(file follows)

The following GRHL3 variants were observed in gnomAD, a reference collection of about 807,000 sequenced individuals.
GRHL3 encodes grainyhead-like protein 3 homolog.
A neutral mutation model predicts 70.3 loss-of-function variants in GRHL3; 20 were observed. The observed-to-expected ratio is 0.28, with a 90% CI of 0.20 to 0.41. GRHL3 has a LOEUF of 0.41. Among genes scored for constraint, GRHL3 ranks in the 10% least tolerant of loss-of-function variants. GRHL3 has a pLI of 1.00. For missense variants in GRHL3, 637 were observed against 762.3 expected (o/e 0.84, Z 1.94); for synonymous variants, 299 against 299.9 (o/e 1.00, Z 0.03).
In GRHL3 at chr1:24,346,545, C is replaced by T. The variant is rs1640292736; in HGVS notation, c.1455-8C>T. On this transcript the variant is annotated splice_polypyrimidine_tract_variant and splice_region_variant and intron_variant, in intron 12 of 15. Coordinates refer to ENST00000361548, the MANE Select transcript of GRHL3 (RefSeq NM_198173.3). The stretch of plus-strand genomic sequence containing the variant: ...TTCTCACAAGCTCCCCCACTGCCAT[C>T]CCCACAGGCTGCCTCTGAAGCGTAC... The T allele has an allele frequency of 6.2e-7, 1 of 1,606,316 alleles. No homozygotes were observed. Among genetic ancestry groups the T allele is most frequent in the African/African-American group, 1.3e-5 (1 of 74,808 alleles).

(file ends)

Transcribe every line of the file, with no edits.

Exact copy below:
The following GRHL3 variants were observed in gnomAD, a reference collection of about 807,000 sequenced individuals.
GRHL3 encodes grainyhead-like protein 3 homolog.
A neutral mutation model predicts 70.3 loss-of-function variants in GRHL3; 20 were observed. The observed-to-expected ratio is 0.28, with a 90% CI of 0.20 to 0.41. GRHL3 has a LOEUF of 0.41. Among genes scored for constraint, GRHL3 ranks in the 10% least tolerant of loss-of-function variants. GRHL3 has a pLI of 1.00. For missense variants in GRHL3, 637 were observed against 762.3 expected (o/e 0.84, Z 1.94); for synonymous variants, 299 against 299.9 (o/e 1.00, Z 0.03).
In GRHL3 at chr1:24,346,545, C is replaced by T. The variant is rs1640292736; in HGVS notation, c.1455-8C>T. On this transcript the variant is annotated splice_polypyrimidine_tract_variant and splice_region_variant and intron_variant, in intron 12 of 15. Coordinates refer to ENST00000361548, the MANE Select transcript of GRHL3 (RefSeq NM_198173.3). The stretch of plus-strand genomic sequence containing the variant: ...TTCTCACAAGCTCCCCCACTGCCAT[C>T]CCCACAGGCTGCCTCTGAAGCGTAC... The T allele has an allele frequency of 6.2e-7, 1 of 1,606,316 alleles. No homozygotes were observed. Among genetic ancestry groups the T allele is most frequent in the African/African-American group, 1.3e-5 (1 of 74,808 alleles).